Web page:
Providing Recognition and Encouraging Cooperative Learning (Module 2)

Despite the fact that my history of teaching is quite limited, I have already gained much insight into understanding how to recognize my students achievement in an art classroom. It has been my observation that the kind of feedback I give my students needs to be well thought out and I need to explain my expectations well before the project begins.

Chapter 2 of Classroom Instruction that Works is based entirely off of reinforcing effort and providing recognition. It is my experience and belief that in order to get effort from your students, you need to do several things. First, I think that it is important to explain clearly to your students what is expected of them daily. For example, if we are working on an art project that day, I will ask my students to be at a certain point in the process by a specific date. In addition to making expectations clear, it is also important to attract them to an assignment. When students feel excited or interested in a learning activity or project, it has been my observation that they will put in more time and effort into the creation. The best way to get students motivated is by asking them what they want to do within certain boundaries for a project. For example, on a final project I created in a ceramics classroom, I allowed students to pick from 3 different options or create a project they wanted to with my permission. Unlike previous assignments, these students were highly motivated, classroom distractions were down, and quality of work was up. “Students’ increased sense of competence and control contributes to a positive learning environment and their motivation to learn” (Dean, 2012).

In regards to Chapter 3, Dean discusses the idea of cooperative learning. I have always been very against group projects. My memory of being forced to work with my peers usually consisted of myself picking up the slack for everyone else in the group. However, after reading this chapter on cooperative learning, I realized that my teachers had the right idea but they had not prepared us to work in situations like what they were expecting. Dean suggests three things for excellent classroom cooperative learning tasks, “1) include elements of both positive interdependence and individual accountability, 2) keep group size small, and 3) use cooperative learning consistently and systematically” (Dean, 2012). I realized that as an educator, it is my responsibility to prepare my students for the work place. One thing that I can do is I can have them practice working in a “job” like situation. In the work place, groups of people will often need to collaborate together to accomplish a project or task, by having students practice in an environment that welcomes failures and practice they will eventually succeed and become proficient team members.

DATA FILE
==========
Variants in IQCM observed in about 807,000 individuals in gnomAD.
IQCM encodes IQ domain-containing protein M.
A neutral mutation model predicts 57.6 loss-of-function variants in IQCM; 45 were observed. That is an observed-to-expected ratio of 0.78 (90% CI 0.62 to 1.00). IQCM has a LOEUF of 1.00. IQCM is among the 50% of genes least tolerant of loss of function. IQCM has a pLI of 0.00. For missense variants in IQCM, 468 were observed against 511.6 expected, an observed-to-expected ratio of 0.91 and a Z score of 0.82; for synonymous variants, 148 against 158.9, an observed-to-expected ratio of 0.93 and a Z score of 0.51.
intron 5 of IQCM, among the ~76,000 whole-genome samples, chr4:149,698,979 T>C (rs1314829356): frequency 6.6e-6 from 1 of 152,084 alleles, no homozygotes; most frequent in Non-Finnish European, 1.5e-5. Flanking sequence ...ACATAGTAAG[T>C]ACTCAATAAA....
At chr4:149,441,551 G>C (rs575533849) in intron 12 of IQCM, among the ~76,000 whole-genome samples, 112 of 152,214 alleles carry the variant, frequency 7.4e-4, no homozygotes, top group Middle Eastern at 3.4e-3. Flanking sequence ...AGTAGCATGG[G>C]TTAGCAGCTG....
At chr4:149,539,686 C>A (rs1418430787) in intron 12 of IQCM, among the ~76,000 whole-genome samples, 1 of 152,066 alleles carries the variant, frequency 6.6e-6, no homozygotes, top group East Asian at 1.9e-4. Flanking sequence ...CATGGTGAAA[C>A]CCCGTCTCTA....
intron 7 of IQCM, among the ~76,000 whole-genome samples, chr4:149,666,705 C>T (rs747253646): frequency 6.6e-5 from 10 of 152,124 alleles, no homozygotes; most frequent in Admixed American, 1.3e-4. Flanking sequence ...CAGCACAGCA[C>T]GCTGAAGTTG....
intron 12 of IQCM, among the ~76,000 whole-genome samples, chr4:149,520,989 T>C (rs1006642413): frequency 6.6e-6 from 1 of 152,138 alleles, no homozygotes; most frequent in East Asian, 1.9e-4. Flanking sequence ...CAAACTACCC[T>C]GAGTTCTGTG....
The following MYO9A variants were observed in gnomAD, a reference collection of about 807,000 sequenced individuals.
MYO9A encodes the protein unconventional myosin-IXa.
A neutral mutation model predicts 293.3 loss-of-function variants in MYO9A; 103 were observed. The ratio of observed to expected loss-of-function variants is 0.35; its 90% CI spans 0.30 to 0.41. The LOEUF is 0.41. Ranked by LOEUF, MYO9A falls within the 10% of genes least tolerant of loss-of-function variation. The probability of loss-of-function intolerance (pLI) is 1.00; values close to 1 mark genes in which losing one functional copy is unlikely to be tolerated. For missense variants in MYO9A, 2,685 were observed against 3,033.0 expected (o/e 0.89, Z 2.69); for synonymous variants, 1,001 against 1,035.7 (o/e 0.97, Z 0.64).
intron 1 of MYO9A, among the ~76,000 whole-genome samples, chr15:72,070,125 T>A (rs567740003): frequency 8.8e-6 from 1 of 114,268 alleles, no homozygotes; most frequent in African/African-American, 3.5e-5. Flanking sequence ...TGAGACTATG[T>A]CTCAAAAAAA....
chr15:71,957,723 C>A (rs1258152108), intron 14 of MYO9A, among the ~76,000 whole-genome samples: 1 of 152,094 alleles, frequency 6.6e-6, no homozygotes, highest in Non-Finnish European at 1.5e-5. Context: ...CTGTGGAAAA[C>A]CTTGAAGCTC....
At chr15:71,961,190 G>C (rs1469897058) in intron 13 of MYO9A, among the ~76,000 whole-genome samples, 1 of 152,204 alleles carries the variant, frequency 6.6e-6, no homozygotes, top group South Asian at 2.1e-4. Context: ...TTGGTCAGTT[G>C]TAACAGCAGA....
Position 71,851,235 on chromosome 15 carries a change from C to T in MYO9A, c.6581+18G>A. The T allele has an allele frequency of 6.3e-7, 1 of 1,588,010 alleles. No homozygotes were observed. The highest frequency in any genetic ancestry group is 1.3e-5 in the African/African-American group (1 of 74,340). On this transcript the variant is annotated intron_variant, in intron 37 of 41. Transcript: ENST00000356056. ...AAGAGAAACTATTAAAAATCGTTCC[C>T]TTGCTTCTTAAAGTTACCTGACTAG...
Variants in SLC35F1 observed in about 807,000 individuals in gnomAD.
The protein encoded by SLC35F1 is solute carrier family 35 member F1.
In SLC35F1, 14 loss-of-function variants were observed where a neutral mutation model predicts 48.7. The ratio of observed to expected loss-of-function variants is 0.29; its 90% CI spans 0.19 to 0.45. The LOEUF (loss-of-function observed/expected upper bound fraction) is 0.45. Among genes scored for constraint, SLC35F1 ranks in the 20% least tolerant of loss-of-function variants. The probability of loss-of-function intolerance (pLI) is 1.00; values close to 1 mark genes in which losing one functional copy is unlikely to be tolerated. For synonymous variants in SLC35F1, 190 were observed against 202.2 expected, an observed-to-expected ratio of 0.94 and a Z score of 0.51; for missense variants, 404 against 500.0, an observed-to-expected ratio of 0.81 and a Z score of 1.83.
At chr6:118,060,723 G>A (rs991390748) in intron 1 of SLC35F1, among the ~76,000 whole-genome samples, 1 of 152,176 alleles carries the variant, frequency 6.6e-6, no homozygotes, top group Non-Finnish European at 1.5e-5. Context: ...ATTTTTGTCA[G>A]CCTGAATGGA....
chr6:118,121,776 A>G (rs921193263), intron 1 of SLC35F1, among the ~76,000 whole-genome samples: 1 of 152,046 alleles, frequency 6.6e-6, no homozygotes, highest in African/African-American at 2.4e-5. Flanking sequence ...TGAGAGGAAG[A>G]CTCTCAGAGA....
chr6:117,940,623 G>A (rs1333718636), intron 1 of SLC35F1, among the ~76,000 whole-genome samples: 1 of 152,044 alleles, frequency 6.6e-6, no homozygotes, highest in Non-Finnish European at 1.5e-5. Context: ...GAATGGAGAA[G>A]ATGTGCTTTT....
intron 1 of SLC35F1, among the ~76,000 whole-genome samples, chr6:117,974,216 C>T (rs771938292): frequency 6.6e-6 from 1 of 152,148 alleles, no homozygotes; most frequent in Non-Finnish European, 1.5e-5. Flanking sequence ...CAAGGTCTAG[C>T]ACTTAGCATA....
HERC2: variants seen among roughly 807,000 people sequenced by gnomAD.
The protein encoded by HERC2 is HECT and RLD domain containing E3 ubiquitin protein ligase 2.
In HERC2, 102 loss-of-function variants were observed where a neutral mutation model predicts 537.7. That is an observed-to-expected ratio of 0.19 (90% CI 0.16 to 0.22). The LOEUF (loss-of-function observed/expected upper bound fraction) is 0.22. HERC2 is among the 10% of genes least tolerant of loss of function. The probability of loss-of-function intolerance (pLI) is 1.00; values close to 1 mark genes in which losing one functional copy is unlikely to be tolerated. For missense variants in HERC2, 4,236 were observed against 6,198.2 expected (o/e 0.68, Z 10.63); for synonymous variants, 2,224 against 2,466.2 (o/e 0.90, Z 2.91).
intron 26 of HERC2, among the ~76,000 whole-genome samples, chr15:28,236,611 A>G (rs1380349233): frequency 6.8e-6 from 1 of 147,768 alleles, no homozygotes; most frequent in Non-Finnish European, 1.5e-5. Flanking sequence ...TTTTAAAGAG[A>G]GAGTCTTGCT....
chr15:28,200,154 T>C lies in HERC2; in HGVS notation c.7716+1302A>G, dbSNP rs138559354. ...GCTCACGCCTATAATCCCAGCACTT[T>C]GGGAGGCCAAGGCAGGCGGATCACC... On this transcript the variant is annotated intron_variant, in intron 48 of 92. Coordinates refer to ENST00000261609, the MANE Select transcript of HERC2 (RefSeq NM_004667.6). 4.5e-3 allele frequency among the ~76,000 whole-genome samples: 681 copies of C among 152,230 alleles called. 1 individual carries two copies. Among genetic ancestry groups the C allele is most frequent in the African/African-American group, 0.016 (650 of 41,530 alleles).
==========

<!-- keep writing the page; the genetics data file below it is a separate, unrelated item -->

Dean, C. (2012). Classroom instruction that works research-based strategies for increasing student achievement (Revised/Expanded ed.). Alexandria, Va.: ASCD.


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